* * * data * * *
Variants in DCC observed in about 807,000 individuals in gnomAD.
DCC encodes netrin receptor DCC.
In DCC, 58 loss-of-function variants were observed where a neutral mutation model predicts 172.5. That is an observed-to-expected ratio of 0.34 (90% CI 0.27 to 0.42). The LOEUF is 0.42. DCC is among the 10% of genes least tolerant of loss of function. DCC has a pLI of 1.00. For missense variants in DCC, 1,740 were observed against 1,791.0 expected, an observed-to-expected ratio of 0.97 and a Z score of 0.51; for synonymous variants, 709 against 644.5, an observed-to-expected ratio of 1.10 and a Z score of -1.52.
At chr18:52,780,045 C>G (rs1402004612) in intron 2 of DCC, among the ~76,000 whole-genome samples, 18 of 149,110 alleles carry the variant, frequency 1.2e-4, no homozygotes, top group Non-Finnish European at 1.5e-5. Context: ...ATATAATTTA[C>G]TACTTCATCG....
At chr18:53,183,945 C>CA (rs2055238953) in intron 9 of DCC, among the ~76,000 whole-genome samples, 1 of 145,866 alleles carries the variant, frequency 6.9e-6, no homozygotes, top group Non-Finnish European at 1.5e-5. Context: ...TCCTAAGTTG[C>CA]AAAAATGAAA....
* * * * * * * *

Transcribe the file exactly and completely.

Variants in DCC observed in about 807,000 individuals in gnomAD.
DCC encodes netrin receptor DCC.
In DCC, 58 loss-of-function variants were observed where a neutral mutation model predicts 172.5. That is an observed-to-expected ratio of 0.34 (90% CI 0.27 to 0.42). The LOEUF is 0.42. DCC is among the 10% of genes least tolerant of loss of function. DCC has a pLI of 1.00. For missense variants in DCC, 1,740 were observed against 1,791.0 expected, an observed-to-expected ratio of 0.97 and a Z score of 0.51; for synonymous variants, 709 against 644.5, an observed-to-expected ratio of 1.10 and a Z score of -1.52.
At chr18:52,780,045 C>G (rs1402004612) in intron 2 of DCC, among the ~76,000 whole-genome samples, 18 of 149,110 alleles carry the variant, frequency 1.2e-4, no homozygotes, top group Non-Finnish European at 1.5e-5. Context: ...ATATAATTTA[C>G]TACTTCATCG....
At chr18:53,183,945 C>CA (rs2055238953) in intron 9 of DCC, among the ~76,000 whole-genome samples, 1 of 145,866 alleles carries the variant, frequency 6.9e-6, no homozygotes, top group Non-Finnish European at 1.5e-5. Context: ...TCCTAAGTTG[C>CA]AAAAATGAAA....